Raymond Tomlinson, Email Inventor, Dies At 74

Raymond Tomlinson, Email Inventor, Dies At 74
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The inventor of modern day email, Raymond Tomlinson, has died. He was 74.


Until Tomlinson’s invention in 1971, messages could be sent and received between users within the confinements of a limited network. There wasn’t a way to send messages to a specific person at a specific address before the first network person-to-person email was born.

The Los Angeles Times notes that Tomlinson wrote and sent the first email on what is considered a forerunner to the Internet, the ARPANET system, a network that was developed for the U.S. government. He is also credited with contributing towards the development of the network.

“It wasn’t an assignment at all, he was just fooling around; he was looking for something to do with ARPANET,” said Joyce Kuzman, spokeswoman for Raytheon Co., where Tomlinson worked as principal scientist at the time of his death.

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The symbol @, known in the world of email as a sign that associates a username with the destination address, was chosen by Tomlinson. “It is a symbol that probably would have gone away if not for email,” Kuzman said. The Museum of Modern Art featured the symbol in its architecture and design collection in 2012. They called it “a defining symbol of the computer age.”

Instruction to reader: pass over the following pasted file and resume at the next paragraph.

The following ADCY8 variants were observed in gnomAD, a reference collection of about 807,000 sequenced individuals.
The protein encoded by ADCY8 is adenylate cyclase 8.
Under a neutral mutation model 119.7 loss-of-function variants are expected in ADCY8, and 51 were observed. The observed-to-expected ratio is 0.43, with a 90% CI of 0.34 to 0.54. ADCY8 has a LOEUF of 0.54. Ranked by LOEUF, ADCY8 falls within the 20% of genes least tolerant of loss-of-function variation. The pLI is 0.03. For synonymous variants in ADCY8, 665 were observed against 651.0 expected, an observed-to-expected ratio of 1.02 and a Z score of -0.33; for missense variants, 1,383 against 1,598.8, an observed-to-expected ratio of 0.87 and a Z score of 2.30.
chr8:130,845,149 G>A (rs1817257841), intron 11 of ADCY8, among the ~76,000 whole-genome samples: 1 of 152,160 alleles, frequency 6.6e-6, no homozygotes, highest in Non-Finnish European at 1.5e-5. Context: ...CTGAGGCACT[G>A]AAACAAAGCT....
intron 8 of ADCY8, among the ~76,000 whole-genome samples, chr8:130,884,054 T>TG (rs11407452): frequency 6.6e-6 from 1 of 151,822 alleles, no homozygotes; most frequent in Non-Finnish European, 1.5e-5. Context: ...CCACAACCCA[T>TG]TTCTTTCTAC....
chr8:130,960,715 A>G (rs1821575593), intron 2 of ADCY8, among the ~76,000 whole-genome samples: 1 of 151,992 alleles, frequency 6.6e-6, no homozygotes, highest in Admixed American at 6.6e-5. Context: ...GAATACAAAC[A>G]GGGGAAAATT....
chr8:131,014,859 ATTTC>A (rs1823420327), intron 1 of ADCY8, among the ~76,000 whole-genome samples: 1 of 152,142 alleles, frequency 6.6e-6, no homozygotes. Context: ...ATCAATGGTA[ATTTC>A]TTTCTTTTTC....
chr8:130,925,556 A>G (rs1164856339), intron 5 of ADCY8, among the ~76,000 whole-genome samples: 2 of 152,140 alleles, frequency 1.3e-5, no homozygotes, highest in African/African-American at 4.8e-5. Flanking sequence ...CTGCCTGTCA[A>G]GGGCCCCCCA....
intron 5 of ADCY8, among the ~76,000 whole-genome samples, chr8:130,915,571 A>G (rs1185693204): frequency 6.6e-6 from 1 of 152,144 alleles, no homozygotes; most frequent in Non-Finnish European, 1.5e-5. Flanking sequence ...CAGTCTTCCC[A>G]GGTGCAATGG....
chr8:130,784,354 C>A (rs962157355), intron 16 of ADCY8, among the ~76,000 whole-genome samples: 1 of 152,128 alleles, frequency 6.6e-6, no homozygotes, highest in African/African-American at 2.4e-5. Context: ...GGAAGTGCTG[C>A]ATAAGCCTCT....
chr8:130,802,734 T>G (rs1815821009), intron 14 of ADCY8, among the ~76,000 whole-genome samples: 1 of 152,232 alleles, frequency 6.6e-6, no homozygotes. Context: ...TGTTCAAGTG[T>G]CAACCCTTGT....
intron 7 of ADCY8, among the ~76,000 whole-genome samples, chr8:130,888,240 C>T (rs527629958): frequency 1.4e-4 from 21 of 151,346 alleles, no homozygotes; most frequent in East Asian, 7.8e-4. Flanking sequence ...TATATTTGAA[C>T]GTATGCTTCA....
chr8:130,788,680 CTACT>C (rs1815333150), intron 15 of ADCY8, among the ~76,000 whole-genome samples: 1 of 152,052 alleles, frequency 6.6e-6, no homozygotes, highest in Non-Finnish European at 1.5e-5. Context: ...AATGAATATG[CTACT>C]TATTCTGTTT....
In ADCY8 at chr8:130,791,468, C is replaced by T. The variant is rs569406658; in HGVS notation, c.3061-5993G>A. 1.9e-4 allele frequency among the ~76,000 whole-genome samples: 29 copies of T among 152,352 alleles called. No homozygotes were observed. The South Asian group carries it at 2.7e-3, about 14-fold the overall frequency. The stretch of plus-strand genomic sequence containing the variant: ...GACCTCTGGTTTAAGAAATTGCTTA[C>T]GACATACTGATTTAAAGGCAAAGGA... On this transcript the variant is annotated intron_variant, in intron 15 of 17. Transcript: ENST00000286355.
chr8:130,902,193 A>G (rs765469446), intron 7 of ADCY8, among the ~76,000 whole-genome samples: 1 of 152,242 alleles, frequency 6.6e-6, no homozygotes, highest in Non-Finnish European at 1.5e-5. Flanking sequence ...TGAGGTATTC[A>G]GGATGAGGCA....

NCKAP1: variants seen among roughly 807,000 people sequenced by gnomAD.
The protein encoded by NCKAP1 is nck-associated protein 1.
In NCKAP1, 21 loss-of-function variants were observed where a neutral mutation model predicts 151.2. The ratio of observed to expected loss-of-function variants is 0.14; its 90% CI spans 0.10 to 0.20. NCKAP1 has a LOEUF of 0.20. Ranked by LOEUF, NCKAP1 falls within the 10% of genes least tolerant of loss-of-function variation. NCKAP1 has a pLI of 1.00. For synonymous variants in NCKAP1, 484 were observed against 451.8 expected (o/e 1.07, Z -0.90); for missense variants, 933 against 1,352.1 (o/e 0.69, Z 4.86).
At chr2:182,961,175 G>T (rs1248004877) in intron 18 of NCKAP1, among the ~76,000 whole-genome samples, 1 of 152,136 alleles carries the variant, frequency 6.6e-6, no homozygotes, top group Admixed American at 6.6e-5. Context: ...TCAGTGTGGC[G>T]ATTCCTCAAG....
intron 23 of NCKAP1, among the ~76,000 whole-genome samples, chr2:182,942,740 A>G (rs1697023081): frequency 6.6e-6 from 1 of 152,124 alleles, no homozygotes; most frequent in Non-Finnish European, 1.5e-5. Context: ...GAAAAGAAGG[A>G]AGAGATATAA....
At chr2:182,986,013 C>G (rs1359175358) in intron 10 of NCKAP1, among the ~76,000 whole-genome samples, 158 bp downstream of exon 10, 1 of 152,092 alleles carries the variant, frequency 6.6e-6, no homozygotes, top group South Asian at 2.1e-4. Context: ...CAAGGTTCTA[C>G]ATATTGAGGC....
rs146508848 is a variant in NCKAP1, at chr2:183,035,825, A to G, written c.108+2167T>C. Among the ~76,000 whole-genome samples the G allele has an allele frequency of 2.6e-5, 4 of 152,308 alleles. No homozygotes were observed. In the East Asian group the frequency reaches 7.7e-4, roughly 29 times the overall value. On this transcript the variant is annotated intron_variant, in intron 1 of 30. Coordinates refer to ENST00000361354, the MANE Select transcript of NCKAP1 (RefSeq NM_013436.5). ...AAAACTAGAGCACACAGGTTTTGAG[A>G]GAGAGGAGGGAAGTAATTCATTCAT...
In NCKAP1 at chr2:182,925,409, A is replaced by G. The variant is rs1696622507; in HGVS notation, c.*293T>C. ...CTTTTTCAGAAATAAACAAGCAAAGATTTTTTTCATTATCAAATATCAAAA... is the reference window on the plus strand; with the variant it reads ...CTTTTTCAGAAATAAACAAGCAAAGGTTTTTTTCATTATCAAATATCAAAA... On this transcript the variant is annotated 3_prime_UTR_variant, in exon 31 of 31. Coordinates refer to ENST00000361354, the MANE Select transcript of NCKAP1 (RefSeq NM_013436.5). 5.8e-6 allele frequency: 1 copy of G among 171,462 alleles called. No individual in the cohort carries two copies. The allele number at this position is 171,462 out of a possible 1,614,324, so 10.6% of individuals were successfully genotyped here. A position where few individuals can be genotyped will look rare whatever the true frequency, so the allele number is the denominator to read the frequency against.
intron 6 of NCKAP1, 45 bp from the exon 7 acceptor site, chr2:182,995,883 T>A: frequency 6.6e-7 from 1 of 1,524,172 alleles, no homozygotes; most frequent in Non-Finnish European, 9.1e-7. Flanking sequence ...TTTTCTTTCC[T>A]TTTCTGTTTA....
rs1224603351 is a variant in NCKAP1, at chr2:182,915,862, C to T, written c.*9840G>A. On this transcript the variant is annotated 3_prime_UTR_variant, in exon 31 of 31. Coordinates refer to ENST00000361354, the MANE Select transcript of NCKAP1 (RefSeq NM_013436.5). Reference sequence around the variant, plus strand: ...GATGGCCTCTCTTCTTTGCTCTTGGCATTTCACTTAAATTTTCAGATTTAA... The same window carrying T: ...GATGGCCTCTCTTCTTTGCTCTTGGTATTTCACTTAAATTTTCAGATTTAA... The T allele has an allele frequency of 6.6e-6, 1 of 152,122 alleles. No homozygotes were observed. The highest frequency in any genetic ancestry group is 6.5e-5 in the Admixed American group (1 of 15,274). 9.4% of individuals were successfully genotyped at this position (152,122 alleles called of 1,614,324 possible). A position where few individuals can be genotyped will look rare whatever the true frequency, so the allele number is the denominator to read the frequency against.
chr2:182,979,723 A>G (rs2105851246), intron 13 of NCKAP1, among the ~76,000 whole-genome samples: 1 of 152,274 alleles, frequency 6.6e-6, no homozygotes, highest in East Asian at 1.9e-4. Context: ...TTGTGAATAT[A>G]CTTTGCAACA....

Tomlinson was also inducted into the Internet Hall of Fame by the Internet Society in 2012. Tomlinson was honored for “having brought about a complete revolution, fundamentally chanding the way people communicate.” While accepting the honor, he said, “I’m often asked, did I know what I was doing? And the answer is, yes, I knew exactly what I was doing. I just had no notion whatsoever of what the ultimate impact would be. What I was doing was providing a way for people to communicate with other people.”

According to New York Times, Tomlinson, born in 1941 in Amsterdam, N.Y., northwest of Albany, obtained his electrical engineering from the Rensselaer Polytechnic Institute in 1964. He went on to pursue his graduate studies at the Massachusetts Institute of Technology. In 1967, he was hired by Bolt Beranek & Newman, known as BBN, which was later acquired by Raytheon Co.

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